Though only a handful of seats have been officially called, Modi's Bharatiya Janata Party-led National Democratic Alliance (NDA), which needs 272 seats in the next parliament to form a government, is leading in 349 seats. The main opposition Congress Party, in contrast, is only leading in 50 seats.
Full results are expected to emerge in the next few hours.
The result follows a polarizing election during which Modi and the BJP portrayed the incumbent less as an economic reformer -- the main message in the 2014 elections that first brought Modi to national office -- and more as a muscular nationalist firmly rooted in the Hindu right wing movement, a turn that made many liberals and minority Indians nervous.
Read more here.
A bitterly contested election campaign appears poised to give Prime Minister Narendra Modi and his Hindu nationalist Bharatiya Janata Party (BJP) a resounding mandate.
The collective opposition, meanwhile, look set to be relegated to a smaller portion on the benches in the lower house of the Parliament.
For the last three decades, India had been governed by a series of broken and temperamental coalitions. Modi’s entrance in 2014 broke the streak when his party won 282 seats out of a total of 543 elected seats. A party needs to pass the halfway mark of 272 to comfortably form a government.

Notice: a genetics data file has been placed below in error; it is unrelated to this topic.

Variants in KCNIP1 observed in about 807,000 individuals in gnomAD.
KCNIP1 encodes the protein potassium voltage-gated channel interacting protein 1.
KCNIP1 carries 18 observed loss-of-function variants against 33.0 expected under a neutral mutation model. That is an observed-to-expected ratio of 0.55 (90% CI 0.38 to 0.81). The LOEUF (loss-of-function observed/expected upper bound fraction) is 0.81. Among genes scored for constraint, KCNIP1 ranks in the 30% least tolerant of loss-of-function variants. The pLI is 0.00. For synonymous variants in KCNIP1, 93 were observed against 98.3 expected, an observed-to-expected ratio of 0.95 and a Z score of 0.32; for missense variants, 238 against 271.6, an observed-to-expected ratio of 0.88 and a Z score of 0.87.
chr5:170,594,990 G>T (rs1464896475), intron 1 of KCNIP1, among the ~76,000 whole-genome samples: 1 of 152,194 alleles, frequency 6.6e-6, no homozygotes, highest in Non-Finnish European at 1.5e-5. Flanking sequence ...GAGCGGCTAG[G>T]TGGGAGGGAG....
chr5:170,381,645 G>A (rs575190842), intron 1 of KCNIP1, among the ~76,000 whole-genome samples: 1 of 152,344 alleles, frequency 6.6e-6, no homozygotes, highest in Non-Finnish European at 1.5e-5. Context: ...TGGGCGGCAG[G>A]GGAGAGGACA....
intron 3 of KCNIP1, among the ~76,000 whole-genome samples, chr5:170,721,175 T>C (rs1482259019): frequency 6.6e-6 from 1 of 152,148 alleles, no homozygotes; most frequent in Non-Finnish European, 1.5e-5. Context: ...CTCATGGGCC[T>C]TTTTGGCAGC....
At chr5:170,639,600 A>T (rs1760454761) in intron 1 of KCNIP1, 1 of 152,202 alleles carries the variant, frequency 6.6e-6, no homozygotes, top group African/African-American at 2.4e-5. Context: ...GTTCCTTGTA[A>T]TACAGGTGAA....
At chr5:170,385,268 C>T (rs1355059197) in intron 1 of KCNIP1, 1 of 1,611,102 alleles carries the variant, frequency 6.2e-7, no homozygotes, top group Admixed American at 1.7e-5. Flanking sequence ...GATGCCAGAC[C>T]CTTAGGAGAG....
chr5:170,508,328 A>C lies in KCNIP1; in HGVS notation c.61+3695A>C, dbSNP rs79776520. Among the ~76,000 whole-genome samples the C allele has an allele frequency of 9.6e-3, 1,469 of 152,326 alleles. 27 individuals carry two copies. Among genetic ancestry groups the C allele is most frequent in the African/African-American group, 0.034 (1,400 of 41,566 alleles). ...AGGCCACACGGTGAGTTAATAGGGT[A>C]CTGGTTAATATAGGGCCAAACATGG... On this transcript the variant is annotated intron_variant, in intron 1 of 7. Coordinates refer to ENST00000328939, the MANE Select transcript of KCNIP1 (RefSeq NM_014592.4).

If trends turn to concrete results, the victory will supersede expectations set by even the BJP -- and will be compared to the last such victory in 1984 when Rajiv Gandhi (the father of current Congress Party leader, Rahul Gandhi) from the Congress Party tacked up a total of 426 seats.
Gandhi’s extraordinary win had come after the assassination of his mother and sitting Prime Minister, Indira Gandhi in 1984.
India’s politics have been dominated for more than 50 years by a single party -- Congress. And Modi’s rhetoric of building a Congress-free India seems to have resonated with voters. The party was decimated to just 44 seats in 2014 and is leading in just 50 constituencies today.
The BJP -- initially under a different name -- emerged in the '70s as an alternative to the grand old party of India but remained weak till the '90s. Multiple leaders have slowly built its ranks and consolidated power in the party.